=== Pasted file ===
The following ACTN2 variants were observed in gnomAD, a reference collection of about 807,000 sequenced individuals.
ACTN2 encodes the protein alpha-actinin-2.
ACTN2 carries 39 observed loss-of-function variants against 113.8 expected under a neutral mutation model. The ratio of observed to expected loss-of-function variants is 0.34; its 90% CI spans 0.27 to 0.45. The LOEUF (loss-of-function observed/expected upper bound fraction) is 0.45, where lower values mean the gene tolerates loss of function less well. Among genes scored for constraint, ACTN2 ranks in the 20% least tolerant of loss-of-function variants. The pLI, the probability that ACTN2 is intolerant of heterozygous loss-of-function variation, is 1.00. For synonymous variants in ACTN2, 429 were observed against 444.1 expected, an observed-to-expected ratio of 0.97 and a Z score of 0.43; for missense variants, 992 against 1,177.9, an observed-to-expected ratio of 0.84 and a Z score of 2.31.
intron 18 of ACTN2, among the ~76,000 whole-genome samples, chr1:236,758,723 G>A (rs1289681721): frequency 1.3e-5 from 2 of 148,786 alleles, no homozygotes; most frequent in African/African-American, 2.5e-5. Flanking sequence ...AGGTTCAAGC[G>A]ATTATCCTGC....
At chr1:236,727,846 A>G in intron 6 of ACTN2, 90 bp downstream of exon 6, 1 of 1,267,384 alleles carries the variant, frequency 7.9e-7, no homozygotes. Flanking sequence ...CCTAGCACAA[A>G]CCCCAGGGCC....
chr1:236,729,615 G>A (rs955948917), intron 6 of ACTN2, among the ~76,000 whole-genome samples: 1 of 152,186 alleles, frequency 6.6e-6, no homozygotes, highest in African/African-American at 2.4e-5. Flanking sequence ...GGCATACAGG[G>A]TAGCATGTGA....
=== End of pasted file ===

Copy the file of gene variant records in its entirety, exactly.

The following ACTN2 variants were observed in gnomAD, a reference collection of about 807,000 sequenced individuals.
ACTN2 encodes the protein alpha-actinin-2.
ACTN2 carries 39 observed loss-of-function variants against 113.8 expected under a neutral mutation model. The ratio of observed to expected loss-of-function variants is 0.34; its 90% CI spans 0.27 to 0.45. The LOEUF (loss-of-function observed/expected upper bound fraction) is 0.45, where lower values mean the gene tolerates loss of function less well. Among genes scored for constraint, ACTN2 ranks in the 20% least tolerant of loss-of-function variants. The pLI, the probability that ACTN2 is intolerant of heterozygous loss-of-function variation, is 1.00. For synonymous variants in ACTN2, 429 were observed against 444.1 expected, an observed-to-expected ratio of 0.97 and a Z score of 0.43; for missense variants, 992 against 1,177.9, an observed-to-expected ratio of 0.84 and a Z score of 2.31.
intron 18 of ACTN2, among the ~76,000 whole-genome samples, chr1:236,758,723 G>A (rs1289681721): frequency 1.3e-5 from 2 of 148,786 alleles, no homozygotes; most frequent in African/African-American, 2.5e-5. Flanking sequence ...AGGTTCAAGC[G>A]ATTATCCTGC....
At chr1:236,727,846 A>G in intron 6 of ACTN2, 90 bp downstream of exon 6, 1 of 1,267,384 alleles carries the variant, frequency 7.9e-7, no homozygotes. Flanking sequence ...CCTAGCACAA[A>G]CCCCAGGGCC....
chr1:236,729,615 G>A (rs955948917), intron 6 of ACTN2, among the ~76,000 whole-genome samples: 1 of 152,186 alleles, frequency 6.6e-6, no homozygotes, highest in African/African-American at 2.4e-5. Flanking sequence ...GGCATACAGG[G>A]TAGCATGTGA....